To get back to the birds, it was practically a foregone conclusion
that after writing the article, I would see one of the missing birds. I
didn't think it would be the same day, but in fact it was: I saw an
American Bittern at Montezuma. Several days later, the Cayuga Bird Club
field trip I led there saw a Virginia Rail.
Oh, I forgot to tell you the probability Michael came up with: 85%.
So, that means in effect I have an 85% chance of seeing a cuckoo now,
thus completing the destined triumvirate, right? Wrong! We're now in the
exceedingly slippery and confusing realm of CONDITIONAL probability:
the probability of fulfilling some prophecy AFTER some of the events have
already happened (or not). For example, what's the probability of getting
10 consecutive heads on a repeated coin toss, IF you've already gotten 9
straight? That's (literally) a big "if"; the answer is 50%. This is
definitely not to be confused with the probability of getting 10 straight
heads, which is about one in a thousand. In our birding scenario, the
probability has already dropped to practically 0, since the likelihood of
seeing a cuckoo after October 1 is practically nil.
Next month: "The Triumph and Tragedy of Never-missed Birds on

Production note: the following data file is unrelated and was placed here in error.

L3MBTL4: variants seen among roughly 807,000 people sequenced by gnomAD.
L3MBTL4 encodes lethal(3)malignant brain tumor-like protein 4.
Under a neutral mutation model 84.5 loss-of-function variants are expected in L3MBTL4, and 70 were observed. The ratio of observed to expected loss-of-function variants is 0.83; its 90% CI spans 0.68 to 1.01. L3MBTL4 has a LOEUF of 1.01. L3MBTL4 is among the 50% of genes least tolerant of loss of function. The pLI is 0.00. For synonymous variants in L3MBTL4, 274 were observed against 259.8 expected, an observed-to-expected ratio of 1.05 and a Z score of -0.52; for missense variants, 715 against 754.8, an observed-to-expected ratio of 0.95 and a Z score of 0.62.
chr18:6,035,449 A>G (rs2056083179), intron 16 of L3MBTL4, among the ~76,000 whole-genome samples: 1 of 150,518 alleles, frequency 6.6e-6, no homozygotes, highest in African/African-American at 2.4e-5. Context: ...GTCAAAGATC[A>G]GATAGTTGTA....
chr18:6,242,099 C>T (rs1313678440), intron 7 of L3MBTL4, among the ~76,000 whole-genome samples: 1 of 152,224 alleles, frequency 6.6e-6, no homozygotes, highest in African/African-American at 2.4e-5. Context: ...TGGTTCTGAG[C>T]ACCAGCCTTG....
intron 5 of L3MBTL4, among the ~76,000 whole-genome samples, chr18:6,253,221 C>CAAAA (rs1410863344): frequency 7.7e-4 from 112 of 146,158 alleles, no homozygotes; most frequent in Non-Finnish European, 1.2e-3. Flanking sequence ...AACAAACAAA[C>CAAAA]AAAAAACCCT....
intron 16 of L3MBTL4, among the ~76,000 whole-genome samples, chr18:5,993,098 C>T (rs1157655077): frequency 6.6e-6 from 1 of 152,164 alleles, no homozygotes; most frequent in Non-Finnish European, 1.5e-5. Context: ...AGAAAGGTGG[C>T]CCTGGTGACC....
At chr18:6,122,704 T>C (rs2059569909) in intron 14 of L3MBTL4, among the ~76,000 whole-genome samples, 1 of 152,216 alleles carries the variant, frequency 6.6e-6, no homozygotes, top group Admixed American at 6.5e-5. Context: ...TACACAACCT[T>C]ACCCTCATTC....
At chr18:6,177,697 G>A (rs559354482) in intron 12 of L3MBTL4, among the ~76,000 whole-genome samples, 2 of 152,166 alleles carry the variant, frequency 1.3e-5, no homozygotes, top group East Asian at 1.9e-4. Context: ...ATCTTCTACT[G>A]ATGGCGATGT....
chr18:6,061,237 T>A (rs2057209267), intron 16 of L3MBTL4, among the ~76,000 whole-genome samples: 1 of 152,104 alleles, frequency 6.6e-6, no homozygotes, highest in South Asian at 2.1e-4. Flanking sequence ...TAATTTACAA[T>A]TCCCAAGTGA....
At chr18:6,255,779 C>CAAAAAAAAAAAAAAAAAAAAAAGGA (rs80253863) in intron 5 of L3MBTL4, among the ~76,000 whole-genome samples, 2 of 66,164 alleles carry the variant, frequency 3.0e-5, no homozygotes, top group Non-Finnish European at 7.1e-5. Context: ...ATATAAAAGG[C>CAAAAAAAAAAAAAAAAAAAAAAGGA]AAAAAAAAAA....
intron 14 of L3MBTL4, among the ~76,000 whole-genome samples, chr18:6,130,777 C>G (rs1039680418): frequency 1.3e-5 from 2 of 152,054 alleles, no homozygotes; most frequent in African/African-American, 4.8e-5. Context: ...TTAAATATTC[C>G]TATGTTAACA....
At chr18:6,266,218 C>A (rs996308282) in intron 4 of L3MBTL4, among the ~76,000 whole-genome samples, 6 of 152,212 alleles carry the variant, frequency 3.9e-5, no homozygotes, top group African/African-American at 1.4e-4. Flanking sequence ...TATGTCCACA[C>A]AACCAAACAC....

Year Lists," or "Black-throated Blue Warbler, We Hardly Knew Ye."
(Did we mention Karl David is a mathematics professor?)
SCRAWL OF FAME
EDITORS' NOTE: We were fortunate to receive two exquisite Scrawls of
Fame this month, and since they're both timely, we're going to run them
both and say we didn't.
"Tails from the Old West"
by Karl David
As Kevin McGowan put it, the patch of habitat that the recent Western
Kingbird was found in looked just like a square mile of Kansas transported
to New York State. Luckily for us, a bit of Kansas avifauna also made itself
right at home there recently, and decided to stay for a while. This is its
story (at least from our point of view!).
Bill Evans is the most openly optimistic birder among us. Who hasn't
gone out with him and heard him exclaim at the outset, "It feels like
there's gotta be a rarity out there today!" Well, late this September, he
was finally as good as his word. Out checking his listening stations in the
far northwestern reaches of the Cayuga Lake Basin, he spotted a kingbird on
the wire. This was interesting because he hadn't seen one in about two
weeks. But when he stopped to look, he quickly realized this was more than
just a late Eastern Kingbird...it was a Western Kingbird...or at least one
of the several yellow-bellied western kingbirds. He got on his cell phone
and, working his way through a succession of unanswered phone numbers,